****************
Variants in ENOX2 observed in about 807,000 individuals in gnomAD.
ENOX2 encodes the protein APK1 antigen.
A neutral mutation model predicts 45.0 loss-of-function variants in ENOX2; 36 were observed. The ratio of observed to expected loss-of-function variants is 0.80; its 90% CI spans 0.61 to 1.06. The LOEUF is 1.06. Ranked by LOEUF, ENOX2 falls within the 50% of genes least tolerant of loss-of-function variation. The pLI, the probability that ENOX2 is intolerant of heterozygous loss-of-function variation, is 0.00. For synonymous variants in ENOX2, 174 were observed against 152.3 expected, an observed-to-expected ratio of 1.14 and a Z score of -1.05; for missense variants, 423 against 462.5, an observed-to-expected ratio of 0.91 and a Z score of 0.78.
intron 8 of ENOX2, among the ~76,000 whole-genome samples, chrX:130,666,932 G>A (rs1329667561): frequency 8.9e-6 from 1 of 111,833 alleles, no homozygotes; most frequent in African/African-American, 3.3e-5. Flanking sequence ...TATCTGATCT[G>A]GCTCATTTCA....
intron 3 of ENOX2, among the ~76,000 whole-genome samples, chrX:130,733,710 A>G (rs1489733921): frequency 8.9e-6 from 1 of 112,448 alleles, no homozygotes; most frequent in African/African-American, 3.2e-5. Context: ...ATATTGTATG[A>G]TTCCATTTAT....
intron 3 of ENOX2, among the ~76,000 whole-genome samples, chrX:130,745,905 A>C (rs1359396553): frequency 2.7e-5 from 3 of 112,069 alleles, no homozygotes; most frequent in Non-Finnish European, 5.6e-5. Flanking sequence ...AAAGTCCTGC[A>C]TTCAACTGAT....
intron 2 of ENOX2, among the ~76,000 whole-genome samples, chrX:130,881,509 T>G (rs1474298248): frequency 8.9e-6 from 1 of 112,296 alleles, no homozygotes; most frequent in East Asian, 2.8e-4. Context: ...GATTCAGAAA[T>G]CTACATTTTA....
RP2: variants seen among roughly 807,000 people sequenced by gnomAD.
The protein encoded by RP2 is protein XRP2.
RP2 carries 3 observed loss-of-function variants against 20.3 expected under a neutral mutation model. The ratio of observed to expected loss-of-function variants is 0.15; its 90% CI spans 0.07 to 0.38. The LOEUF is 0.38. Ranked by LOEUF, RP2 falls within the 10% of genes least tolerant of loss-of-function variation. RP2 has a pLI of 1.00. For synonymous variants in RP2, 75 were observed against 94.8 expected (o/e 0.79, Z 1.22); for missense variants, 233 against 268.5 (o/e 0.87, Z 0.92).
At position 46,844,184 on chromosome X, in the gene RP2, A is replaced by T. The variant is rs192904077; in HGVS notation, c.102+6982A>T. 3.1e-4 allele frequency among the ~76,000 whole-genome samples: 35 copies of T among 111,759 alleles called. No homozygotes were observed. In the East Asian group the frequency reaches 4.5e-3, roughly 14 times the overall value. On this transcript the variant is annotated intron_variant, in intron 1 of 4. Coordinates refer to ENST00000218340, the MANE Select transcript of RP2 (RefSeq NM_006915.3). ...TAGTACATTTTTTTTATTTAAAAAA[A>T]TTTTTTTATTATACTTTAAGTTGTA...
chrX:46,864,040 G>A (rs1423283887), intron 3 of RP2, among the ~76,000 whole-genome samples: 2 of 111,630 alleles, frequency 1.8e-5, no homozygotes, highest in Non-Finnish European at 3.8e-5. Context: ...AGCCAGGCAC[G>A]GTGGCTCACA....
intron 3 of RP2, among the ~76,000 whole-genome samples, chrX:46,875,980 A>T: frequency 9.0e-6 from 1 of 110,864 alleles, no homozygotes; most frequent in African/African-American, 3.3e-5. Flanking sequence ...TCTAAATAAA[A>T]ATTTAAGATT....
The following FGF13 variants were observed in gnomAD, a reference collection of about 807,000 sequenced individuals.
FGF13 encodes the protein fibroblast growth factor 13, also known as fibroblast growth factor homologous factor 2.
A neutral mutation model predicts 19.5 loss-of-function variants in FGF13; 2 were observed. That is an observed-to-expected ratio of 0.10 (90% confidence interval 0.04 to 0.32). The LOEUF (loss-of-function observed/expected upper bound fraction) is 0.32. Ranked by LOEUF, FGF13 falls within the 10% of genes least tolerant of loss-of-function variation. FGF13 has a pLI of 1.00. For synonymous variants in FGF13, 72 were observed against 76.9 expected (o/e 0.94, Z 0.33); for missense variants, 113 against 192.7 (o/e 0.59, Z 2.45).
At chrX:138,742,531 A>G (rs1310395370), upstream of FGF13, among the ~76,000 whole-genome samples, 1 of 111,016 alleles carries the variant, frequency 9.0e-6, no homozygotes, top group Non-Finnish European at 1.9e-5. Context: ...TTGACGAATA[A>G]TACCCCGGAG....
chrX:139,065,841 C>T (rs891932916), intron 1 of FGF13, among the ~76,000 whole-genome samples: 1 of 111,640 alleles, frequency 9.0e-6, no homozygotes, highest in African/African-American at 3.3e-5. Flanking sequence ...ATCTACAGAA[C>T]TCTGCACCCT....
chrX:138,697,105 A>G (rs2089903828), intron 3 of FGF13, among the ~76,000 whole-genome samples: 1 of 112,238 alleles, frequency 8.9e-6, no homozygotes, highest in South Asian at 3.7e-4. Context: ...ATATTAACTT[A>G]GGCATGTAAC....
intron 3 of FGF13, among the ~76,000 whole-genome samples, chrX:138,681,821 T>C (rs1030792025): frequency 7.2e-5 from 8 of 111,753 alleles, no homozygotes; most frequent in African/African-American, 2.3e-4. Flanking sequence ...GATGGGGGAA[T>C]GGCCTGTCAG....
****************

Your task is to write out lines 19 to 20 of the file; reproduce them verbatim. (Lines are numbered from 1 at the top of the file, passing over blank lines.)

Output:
chrX:138,697,105 A>G (rs2089903828), intron 3 of FGF13, among the ~76,000 whole-genome samples: 1 of 112,238 alleles, frequency 8.9e-6, no homozygotes, highest in South Asian at 3.7e-4. Context: ...ATATTAACTT[A>G]GGCATGTAAC....
intron 3 of FGF13, among the ~76,000 whole-genome samples, chrX:138,681,821 T>C (rs1030792025): frequency 7.2e-5 from 8 of 111,753 alleles, no homozygotes; most frequent in African/African-American, 2.3e-4. Flanking sequence ...GATGGGGGAA[T>C]GGCCTGTCAG....